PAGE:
There is great interest in the afterlife, with presentations of near-death experiences that are fodder for programs that can be considerably over-exaggerated in many instances. But there are serious studies now being done by some of the top scientists and others on the phenomenon of near-death experiences. That’s why I include the following excerpt recounting such studies.
Scientific advances in the 20th and 21st centuries have led to a major evolution in the understanding of death. At the same time, for decades, people who have survived an encounter with death have recalled unexplained lucid episodes involving heightened consciousness and awareness. These have been reported using the popular—yet scientifically ill-defined—term “near-death experiences.”
A multidisciplinary team of national and international leaders, led by Sam Parnia, MD, PhD, director of the Cardiopulmonary Resuscitation Research Program at NYU Langone, have published “Guidelines and standards for the study of death and recalled experiences of death,” a multidisciplinary consensus statement and proposed future directions in the Annals of the New York Academy of Sciences. This study, which examined the accumulated scientific evidence to date, represents the first-ever peer-reviewed consensus statement for the scientific study of recalled experiences surrounding death…
Among their conclusions are the following:
- Due to advances in resuscitation and critical care medicine, many people have survived encounters with death or being near-death. These people—who are estimated to comprise hundreds of millions of people around the world based on previous population studies—have consistently described recalled experiences surrounding death, which involve a unique set of mental recollections with universal themes.
- The recalled experiences surrounding death are not consistent with hallucinations, illusions, or psychedelic drug–induced experiences, according to several previously published studies. Instead, they follow a specific narrative arc involving a perception of (a) separation from the body with a heightened, vast sense of consciousness and recognition of death; (b) travel to a destination; (c) a meaningful and purposeful review of life, involving a critical analysis of all actions, intentions, and thoughts towards others; a perception of (d) being in a place that feels like “home”; and (e) a return back to life.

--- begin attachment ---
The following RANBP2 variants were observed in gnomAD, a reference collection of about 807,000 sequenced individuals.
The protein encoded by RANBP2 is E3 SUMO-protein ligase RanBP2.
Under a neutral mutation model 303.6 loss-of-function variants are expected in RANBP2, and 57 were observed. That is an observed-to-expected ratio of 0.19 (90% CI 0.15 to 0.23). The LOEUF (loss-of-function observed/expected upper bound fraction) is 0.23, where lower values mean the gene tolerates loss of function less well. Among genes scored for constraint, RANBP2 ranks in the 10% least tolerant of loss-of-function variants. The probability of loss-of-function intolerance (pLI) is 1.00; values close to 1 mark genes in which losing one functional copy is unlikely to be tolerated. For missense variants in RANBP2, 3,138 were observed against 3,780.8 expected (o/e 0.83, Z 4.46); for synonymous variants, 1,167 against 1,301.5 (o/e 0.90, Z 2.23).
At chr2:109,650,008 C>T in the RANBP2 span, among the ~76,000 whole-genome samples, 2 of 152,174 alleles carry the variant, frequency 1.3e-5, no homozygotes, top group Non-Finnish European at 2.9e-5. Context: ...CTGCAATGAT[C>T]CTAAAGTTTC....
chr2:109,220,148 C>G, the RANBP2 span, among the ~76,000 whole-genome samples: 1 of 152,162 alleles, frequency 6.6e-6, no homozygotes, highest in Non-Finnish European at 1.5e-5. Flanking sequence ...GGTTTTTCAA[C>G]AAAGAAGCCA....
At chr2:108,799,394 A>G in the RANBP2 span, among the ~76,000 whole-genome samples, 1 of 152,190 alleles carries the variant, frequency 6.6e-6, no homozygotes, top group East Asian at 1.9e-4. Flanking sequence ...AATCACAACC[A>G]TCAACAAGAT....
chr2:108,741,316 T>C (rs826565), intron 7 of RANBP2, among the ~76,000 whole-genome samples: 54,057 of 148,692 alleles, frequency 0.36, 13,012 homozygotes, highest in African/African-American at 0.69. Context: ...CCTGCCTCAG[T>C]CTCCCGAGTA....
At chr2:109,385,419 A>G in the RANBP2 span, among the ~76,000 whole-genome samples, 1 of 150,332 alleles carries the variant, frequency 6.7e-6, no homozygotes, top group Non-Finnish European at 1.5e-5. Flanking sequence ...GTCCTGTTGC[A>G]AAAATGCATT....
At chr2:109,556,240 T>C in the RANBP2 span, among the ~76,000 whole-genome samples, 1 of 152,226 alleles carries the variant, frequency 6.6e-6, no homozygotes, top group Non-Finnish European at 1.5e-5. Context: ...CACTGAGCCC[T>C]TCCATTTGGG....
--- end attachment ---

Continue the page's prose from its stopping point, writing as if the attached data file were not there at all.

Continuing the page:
- The experience of death culminates into previously unidentified, separate subthemes and is associated with positive long-term psychological transformation and growth. (“Recalled Experiences Surrounding Death: More Than Hallucinations?” NYU Langone News, April 12, 2022)
All of this has me thinking upon our recent celebration of Christ’s resurrection and my Good Friday experience those years ago. I sometimes think, with comforting expectation, that within one heartbeat moment I could again be running toward my Savior and God’s throne among that heavenly throng of joyous young, heavenly beings–young men and women who were gloriously handsome and beautiful. I think on how, at my advanced age and the nearness of the Rapture, my odds are greatly increased to again be in that heavenly presence, if there is such a thing as “odds” in considering heavenly matters involving life and death. In that sense, and not meaning to be morbid in saying it, I can definitely understand what Paul meant when he told us “to die is gain.”